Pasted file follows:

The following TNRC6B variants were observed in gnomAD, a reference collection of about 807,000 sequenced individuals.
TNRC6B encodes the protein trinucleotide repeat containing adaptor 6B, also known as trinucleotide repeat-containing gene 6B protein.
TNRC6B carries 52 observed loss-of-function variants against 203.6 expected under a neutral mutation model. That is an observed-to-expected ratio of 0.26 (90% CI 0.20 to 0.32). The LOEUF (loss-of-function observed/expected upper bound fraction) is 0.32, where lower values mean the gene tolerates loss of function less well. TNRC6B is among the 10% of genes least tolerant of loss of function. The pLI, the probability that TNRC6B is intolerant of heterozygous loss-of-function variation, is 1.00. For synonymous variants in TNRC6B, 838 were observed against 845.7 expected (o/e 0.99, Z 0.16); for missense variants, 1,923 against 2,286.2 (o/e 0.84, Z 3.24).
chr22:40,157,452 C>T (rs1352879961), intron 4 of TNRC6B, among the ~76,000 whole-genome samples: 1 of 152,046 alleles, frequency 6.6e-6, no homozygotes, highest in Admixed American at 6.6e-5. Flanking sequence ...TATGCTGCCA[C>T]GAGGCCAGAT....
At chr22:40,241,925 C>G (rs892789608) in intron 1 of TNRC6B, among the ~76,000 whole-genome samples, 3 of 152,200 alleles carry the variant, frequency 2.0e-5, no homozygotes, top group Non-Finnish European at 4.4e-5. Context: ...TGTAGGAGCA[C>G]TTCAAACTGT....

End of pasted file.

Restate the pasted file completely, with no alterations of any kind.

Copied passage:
The following TNRC6B variants were observed in gnomAD, a reference collection of about 807,000 sequenced individuals.
TNRC6B encodes the protein trinucleotide repeat containing adaptor 6B, also known as trinucleotide repeat-containing gene 6B protein.
TNRC6B carries 52 observed loss-of-function variants against 203.6 expected under a neutral mutation model. That is an observed-to-expected ratio of 0.26 (90% CI 0.20 to 0.32). The LOEUF (loss-of-function observed/expected upper bound fraction) is 0.32, where lower values mean the gene tolerates loss of function less well. TNRC6B is among the 10% of genes least tolerant of loss of function. The pLI, the probability that TNRC6B is intolerant of heterozygous loss-of-function variation, is 1.00. For synonymous variants in TNRC6B, 838 were observed against 845.7 expected (o/e 0.99, Z 0.16); for missense variants, 1,923 against 2,286.2 (o/e 0.84, Z 3.24).
chr22:40,157,452 C>T (rs1352879961), intron 4 of TNRC6B, among the ~76,000 whole-genome samples: 1 of 152,046 alleles, frequency 6.6e-6, no homozygotes, highest in Admixed American at 6.6e-5. Flanking sequence ...TATGCTGCCA[C>T]GAGGCCAGAT....
At chr22:40,241,925 C>G (rs892789608) in intron 1 of TNRC6B, among the ~76,000 whole-genome samples, 3 of 152,200 alleles carry the variant, frequency 2.0e-5, no homozygotes, top group Non-Finnish European at 4.4e-5. Context: ...TGTAGGAGCA[C>G]TTCAAACTGT....